The upper arm, or brachium, extends between the shoulder joint and elbow. The shoulder joint connects the upper arm to the torso and the shoulder girdle, while the elbow joint connects it to the forearm. The muscles of the upper arm move the elbow joint (flexion and extension) and the forearm (pronation and supination), as well as stabilize and move the shoulder joint (internal rotation and flexion). This article covers the bones, muscles, vasculature, lymphatics, and innervation of the upper arm and elbow.
See “” and “ .”
Head of the humerus
- Spherical proximal portion of the humerus that articulates with the glenoid cavity of the scapula (i.e., the ball of the ball-and-socket glenohumeral joint)
Neck of the humerus
- Anatomical neck of the humerus: constriction that separates the head of the humerus from the tubercles and allows attachment of the ligaments of the glenohumeral joint
- Surgical neck of the humerus
- Greater tubercle of the humerus: site of insertion of the supraspinatus, infraspinatus, and teres minor of the rotator cuff
- Lesser tubercle of the humerus: site of insertion of the subscapularis of the rotator cuff
- Bicipital groove (intertubercular sulcus): deep groove between the tubercles in which the tendon of the long head of biceps brachii lie (site of insertion for pectoralis major, teres major, and latissimus dorsi)
Shaft of the humerus
- Deltoid tuberosity: a rough area on the superolateral aspect of the shaft of the humerus into which the deltoid is inserted
- Radial groove: groove on the mid-posterolateral surface of the shaft in which the radial nerve and deep brachial artery run together
Distal humerus (medial to lateral)
- Medial epicondyle: medial-most bony prominence of the humerus (site of origin of most forearm flexors and pronator teres)
- Ulnar groove
- ; : a dumbbell-shaped bony projection that articulates with the ulna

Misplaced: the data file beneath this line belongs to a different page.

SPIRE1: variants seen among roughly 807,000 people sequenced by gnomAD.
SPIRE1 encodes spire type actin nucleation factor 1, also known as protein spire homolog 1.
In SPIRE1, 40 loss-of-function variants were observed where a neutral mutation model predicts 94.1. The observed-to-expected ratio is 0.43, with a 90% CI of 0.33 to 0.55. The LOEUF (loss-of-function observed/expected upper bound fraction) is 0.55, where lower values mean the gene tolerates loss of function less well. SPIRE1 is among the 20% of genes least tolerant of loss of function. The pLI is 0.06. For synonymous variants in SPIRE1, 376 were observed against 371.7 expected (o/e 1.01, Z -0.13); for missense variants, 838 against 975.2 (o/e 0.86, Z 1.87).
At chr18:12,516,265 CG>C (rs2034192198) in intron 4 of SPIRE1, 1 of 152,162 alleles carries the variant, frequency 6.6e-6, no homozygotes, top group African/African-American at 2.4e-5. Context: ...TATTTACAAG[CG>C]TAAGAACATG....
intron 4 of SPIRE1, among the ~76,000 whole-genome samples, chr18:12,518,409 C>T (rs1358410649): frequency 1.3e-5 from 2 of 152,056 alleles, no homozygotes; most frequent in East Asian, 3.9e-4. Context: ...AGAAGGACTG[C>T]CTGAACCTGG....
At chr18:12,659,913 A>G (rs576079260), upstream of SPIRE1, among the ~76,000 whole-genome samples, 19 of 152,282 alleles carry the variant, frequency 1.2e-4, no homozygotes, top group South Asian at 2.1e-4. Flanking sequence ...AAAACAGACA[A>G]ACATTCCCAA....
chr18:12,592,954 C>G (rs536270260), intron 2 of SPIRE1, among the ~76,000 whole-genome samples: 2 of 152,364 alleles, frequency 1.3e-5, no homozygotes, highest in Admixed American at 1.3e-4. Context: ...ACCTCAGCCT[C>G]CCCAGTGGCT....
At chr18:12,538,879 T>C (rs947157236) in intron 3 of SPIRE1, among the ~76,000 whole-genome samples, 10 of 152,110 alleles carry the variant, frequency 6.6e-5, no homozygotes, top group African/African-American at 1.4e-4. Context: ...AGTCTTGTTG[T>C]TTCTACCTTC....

- Coronoid fossa; : depression above the trochlea on the ventral humerus that receives the coronoid process of the ulna when the forearm is flexed
- Capitulum; : spherical bony prominence that articulates with the head of the radius
- Radial fossa; : depression above the capitulum on the ventral humerus that receives the head of the radius when the forearm is flexed
- Lateral epicondyle: lateral-most bony prominence (site of origin of most forearm extensors and supinator)
- Olecranon fossa; : bony depression on the dorsal aspect of the distal humerus (receives the olecranon process of the ulna when the forearm is extended)
“Broken ARM:” the Axillary, Radial, and Median nerves can be injured as a result of a humerus fracture.
The muscles of the arm can be categorized into two groups: flexors and extensors. They lie deep to the brachial fascia and are divided into anterior (flexor) and posterior (extensor) compartments by the medial intermuscular septum and the lateral intermuscular septum.
For specific tests to assess the function of these muscles, see “Motor function” in “.”
Anterior compartment of the arm (flexors)
|Overview of the muscles of the anterior compartment of the arm|